Say the words “$100 million” and what comes to mind? The amount of money saved by 57 corporate executive last year thanks to the Bush tax cuts? Mitt Romney’s August fundraising haul? The asking price for the most expensive apartment in New York City, a “penthouse in midtown-Manhattan that boasts three floors of living space, panoramic views of the city, six bedrooms, nine bathrooms and a wine room for 1,000 bottles”? Anything remotely connected to the 99 percent of the over 300 million people who live in America? (Rhetorical question.)
On the other hand, the U.S. Chamber of Commerce’s “tort reform” lobbying arm thinks the views of corporate lawyers for $100 million companies are the only people worth asking when ranking states they like and don’t like, even though most of them know absolutely nothing about the states they are “ranking.” The Chamber ranks these states for no apparent reason other than to pit states against each another - a tactic to pressure lawmakers to enact state laws stripping the legal accountability of corporations that hurt or kill people. And they blatantly lie about whether a state’s tort laws has anything at all do with where a company decides to locate its business.
For example, check out our coverage of the “less public” survey by business powerhouse lobby group, NFIB, which we covered last year:
Well, we decided to see what businesses themselves really think about this argument, as opposed to their lobbyists and PR spokespeople. If any sector of the business world were going to care about this, it would have to be small businesses, right? So we checked out the most recent “Small Business Problems & Priorities” survey issued by the National Federation of Independent Businesses (NFIB), a “small business” lobby group that is one of the Chamber’s closest allies in their fight to limit corporate liability for wrongdoing. We started to look down the list of 75 issues that are important to NFIB’s members. And we looked. And we looked. Finally, we hit #65: “Cost and Frequency of Lawsuits/Threatened Lawsuits.” That’s right, this issue ranked 65 out of a possible 75 matters that small businesses care about, just below "Solid and Hazardous Waste Disposal."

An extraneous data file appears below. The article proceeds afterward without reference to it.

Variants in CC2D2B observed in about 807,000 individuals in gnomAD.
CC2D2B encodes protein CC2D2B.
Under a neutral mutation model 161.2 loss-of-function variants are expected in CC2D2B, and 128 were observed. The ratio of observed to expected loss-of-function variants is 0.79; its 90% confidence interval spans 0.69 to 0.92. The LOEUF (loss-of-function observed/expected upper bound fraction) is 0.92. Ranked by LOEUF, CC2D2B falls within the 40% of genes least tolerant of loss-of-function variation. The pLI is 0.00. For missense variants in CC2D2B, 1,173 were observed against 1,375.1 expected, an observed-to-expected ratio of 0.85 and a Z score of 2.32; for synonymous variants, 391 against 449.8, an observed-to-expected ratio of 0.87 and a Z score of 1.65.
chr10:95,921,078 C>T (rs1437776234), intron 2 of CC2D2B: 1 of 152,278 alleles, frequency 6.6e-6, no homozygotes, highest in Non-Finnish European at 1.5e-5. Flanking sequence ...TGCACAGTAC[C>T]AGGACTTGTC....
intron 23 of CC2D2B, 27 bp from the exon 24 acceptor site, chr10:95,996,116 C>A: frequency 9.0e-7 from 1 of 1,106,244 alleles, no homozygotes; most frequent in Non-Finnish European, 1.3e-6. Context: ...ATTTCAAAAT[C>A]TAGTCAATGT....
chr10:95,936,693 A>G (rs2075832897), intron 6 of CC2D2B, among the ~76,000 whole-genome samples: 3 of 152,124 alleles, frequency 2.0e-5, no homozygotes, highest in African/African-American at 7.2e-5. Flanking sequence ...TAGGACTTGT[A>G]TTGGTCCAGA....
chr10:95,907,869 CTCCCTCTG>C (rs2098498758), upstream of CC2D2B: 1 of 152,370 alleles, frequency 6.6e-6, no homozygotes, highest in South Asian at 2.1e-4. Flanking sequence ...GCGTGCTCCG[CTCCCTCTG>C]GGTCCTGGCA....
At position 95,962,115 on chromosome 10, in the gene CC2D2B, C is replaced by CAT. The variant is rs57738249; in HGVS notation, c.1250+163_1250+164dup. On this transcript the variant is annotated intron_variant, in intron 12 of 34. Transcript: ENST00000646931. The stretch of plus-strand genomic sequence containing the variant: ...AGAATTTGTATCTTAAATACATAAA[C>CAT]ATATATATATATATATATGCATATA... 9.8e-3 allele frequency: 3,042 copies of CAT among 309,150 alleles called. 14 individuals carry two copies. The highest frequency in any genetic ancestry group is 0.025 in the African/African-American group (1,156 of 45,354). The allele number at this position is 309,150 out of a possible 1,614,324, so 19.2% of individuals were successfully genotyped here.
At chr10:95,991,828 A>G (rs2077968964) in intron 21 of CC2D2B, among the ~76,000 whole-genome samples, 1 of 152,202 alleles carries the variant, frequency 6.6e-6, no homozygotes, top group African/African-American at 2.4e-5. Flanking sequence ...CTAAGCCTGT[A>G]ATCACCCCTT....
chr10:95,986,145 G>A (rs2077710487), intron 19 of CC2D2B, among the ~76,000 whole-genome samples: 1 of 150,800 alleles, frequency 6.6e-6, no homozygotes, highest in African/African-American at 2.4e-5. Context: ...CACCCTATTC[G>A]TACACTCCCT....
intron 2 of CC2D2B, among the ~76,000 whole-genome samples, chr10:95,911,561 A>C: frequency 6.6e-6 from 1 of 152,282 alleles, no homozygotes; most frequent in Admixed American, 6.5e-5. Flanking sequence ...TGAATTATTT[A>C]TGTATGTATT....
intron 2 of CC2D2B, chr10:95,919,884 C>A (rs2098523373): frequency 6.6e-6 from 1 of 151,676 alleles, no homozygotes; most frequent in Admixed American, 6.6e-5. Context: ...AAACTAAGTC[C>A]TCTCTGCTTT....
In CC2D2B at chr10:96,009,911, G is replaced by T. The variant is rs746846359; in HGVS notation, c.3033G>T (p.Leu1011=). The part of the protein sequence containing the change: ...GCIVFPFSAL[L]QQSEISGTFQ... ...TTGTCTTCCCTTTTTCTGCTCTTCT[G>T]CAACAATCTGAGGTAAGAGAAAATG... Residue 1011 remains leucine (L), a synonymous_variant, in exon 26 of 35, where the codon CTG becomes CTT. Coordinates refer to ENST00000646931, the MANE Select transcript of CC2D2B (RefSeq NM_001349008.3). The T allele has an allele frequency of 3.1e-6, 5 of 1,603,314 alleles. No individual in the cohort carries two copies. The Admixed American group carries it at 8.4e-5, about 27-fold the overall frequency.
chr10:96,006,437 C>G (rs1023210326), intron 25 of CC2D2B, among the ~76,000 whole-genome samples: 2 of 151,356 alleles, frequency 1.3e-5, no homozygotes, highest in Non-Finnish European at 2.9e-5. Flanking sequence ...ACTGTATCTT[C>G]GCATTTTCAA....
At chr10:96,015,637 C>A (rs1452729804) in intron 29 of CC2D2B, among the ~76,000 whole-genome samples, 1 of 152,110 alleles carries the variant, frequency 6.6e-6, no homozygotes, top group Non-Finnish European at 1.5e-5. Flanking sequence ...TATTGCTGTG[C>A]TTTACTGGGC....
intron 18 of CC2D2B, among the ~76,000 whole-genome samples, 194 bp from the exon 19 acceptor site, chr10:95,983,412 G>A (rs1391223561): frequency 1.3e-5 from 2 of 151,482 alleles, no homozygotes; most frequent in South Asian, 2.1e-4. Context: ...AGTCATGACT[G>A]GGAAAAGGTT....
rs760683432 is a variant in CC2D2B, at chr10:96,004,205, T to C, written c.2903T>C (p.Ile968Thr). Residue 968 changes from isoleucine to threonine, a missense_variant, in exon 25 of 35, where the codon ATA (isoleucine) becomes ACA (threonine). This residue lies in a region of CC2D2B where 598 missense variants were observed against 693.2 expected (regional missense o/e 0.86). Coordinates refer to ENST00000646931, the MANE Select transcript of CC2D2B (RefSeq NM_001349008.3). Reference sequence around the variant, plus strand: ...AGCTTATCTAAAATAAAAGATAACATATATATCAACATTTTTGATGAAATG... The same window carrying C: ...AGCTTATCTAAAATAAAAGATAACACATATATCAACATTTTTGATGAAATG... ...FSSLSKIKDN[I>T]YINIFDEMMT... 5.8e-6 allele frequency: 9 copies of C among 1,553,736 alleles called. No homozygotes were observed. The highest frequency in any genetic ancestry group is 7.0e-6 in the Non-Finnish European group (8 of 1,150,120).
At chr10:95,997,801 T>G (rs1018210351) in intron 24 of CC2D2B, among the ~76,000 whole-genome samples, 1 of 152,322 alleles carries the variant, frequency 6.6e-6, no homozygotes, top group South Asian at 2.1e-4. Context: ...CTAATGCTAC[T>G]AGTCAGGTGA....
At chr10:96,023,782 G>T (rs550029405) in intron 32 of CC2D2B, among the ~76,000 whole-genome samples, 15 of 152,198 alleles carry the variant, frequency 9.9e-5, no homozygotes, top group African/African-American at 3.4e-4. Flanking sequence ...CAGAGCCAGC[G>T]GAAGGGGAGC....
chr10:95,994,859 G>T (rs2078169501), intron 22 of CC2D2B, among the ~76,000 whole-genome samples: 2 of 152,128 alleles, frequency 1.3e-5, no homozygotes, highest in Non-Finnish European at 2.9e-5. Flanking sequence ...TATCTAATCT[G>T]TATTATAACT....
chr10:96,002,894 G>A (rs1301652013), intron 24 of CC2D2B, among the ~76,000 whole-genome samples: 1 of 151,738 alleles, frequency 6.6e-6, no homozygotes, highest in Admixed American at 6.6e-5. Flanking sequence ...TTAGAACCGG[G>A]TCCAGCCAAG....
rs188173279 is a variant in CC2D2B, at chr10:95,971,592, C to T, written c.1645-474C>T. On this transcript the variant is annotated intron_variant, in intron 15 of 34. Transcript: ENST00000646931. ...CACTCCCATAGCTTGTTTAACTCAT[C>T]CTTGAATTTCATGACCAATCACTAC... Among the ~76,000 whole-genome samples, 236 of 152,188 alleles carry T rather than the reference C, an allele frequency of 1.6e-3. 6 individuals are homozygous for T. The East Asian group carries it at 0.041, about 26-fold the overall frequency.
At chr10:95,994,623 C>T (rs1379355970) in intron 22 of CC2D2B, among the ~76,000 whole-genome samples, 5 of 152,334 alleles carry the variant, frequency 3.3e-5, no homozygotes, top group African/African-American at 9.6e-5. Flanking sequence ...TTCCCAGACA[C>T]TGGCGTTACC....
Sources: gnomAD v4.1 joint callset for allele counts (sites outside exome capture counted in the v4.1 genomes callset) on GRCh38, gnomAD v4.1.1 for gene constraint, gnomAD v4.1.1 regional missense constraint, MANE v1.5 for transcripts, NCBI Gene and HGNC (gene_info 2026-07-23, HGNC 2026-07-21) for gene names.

Oh sure. The 65th most important issue to businesses (not taxes, labor laws, energy costs, or 64 other things) is dictating where businesses decide to locate. Well, we know that’s a myth, and as we’ve noted many times, people who actually know about a state’s legal system – people like judges, and scholars (like Theodore Eisenberg, Professor of Law and Adjunct Professor of Statistical Sciences at Cornell) - have launched withering critiques of this nonsense. Here is some of what Eisenberg has said about these Chamber “rankings”:
• “The survey is methodologically flawed and provides little useful information for states assessing their liability systems or for businesses considering investment in states or in the United States. The survey lacks elementary social scientific objectivity and incorrectly characterizes state law. Objectively verifiable responses are correct less than 10% of the time. Respondents ignore legal rules and material events within states.”
• “The Chamber's survey violates the elementary principle that evaluation of legal system performance should be based on input from both sides to disputes,” noting the obvious: “asking only one side to a dispute about a system will yield biased results.”
• Compounding this bias is the fact that respondents are first told of the prior year's results, and are provided monetary incentives.
• Even when one of those states changes its laws to strip consumers or patients of legal rights (such as Alabama, Louisiana, Mississippi, Texas and West Virginia), these states continue to rank "low," which is "consistent with evidence from other states that respondents know little about the states they rank."
What's more, Eisenberg finds that the most damaging effects of these Chamber surveys likely are “on our whole country’s fiscal and physical well-being.” That’s because “U.S. businesses invest largely based on criteria more relevant to their decisions than the Chamber's claims about state legal systems. [This survey] creates false impressions about states and the United States that may discourage foreign investment” and “may also unnecessarily endanger the public safety by decreasing tort law’s deterrent effect.”
In other words, if I were one of those 99 percenters, I’d be pissed.